By Brent Addleman | The Center Square
Prisons in Vermont are still facing challenges regarding staffing issues and incarcerated individuals, a new study shows.
The second round of results were released this week in the Prison Research and Innovation Network initiative, which is a collaboration between the University of Vermont and the state’s Department of Corrections. The study is an effort to gather data and spur innovation in the state’s prisons.
The study is directed at finding ways to make Vermont prisons safer, more human, and rehabilitative. The survey was conducted in June 2022, with key findings released this week.
The study says prisons in the state are understaffed, have low morale, poor mental health, and an overall lack of activities for inmates that promote well-being and build skills that will help them upon release.
Kathy Fox and Abigail Crocker, who are co-founders of the university’s Justice Research Initiative, led the university’s portion of the study.
“These two years of data demonstrate incarceration as a public health issue, both for staff and for incarcerated individuals,” Crocker said in a release.
“This is consistent with what we are seeing around the country, and COVID-19 has really magnified this.” Fox said in a release. “The fact that we saw mostly negative changes demonstrates how difficult it is to improve the prison environment, but also why change is so necessary.”
The goals, according to the release, of the study are to provide an understanding of prison environments, helping prisons gather data to promote transparency and accountability, and support evidence-based changes to improve prisons.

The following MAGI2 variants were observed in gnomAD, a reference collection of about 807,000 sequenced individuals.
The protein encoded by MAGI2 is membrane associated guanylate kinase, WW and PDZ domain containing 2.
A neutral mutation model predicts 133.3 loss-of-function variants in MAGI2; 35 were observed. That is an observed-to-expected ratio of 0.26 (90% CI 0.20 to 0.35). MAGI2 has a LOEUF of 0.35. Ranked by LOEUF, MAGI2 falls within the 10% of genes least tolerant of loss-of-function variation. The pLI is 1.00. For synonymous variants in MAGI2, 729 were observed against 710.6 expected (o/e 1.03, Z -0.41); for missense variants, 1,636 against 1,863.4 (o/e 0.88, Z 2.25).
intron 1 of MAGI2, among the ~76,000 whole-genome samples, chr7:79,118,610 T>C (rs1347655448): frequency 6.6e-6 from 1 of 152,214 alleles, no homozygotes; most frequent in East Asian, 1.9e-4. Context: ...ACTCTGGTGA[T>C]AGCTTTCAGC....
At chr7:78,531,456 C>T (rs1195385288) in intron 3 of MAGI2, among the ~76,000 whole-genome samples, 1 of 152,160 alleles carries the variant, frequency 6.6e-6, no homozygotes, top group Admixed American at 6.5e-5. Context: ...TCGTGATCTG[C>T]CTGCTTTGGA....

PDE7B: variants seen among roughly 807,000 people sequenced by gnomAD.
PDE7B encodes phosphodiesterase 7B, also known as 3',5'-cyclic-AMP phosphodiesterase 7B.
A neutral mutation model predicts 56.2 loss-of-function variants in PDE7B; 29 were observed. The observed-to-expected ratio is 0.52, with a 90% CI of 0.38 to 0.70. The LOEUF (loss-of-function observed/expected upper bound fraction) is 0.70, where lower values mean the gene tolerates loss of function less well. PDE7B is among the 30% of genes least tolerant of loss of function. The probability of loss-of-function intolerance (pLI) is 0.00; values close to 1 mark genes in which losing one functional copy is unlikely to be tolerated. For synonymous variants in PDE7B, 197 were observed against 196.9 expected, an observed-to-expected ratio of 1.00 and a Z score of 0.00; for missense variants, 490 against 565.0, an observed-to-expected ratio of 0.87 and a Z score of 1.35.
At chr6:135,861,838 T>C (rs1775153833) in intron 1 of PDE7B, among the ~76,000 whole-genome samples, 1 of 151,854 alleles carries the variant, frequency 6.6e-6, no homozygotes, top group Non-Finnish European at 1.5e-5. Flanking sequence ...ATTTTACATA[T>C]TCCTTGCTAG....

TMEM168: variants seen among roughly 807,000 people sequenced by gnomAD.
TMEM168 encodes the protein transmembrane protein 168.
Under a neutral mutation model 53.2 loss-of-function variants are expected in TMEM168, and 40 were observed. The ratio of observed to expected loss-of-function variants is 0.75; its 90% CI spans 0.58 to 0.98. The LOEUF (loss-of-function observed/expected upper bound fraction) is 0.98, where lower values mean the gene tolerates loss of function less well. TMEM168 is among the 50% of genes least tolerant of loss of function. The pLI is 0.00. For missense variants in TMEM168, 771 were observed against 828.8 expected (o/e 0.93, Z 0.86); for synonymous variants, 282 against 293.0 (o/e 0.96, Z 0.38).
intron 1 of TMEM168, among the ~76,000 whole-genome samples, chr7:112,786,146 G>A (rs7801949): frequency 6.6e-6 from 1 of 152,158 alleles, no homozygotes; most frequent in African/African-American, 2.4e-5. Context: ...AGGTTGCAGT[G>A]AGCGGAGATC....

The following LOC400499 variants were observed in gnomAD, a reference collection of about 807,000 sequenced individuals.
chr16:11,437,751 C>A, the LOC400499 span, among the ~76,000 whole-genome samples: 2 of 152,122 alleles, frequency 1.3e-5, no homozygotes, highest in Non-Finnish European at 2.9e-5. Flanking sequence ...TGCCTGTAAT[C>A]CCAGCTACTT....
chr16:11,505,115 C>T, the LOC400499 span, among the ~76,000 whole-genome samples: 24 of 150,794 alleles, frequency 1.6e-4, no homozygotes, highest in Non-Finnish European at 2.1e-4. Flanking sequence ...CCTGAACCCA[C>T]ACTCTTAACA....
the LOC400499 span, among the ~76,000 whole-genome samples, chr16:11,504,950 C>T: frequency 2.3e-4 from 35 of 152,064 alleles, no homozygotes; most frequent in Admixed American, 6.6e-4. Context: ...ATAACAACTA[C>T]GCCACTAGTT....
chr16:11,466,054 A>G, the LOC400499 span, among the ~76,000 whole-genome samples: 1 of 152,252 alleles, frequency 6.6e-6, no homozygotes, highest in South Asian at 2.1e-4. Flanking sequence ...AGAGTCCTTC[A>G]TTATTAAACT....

The report, according to the release, showed a downward trend over 2021. Responses indicated a decline between staff and inmates, disagreements about what the primary purpose of prisons are, and the impact of medical assisted treatment.
In addition, the groups survived reported suicideal ideation increase over the past year, as 30% of staff and 37% of inmates disclosed “serious consideration” of self-harm over the past year.
According to the study, the group has continued to make progress, although additional work and research remains.
“PRIN continues to be an essential tool in creating transparency in our correctional system and guiding evidence-based improvements,” Vermont Department of Corrections Commissioner Nicholas Deml said in a release. “Vermont is a national leader in voluntarily welcoming researchers into its facilities and gathering important data on the deep-rooted issues facing staff and those in our care and custody. While these results are sobering, the data clearly tell us we need to make major investments in this system and continue to study our progress.”
Categories: State Government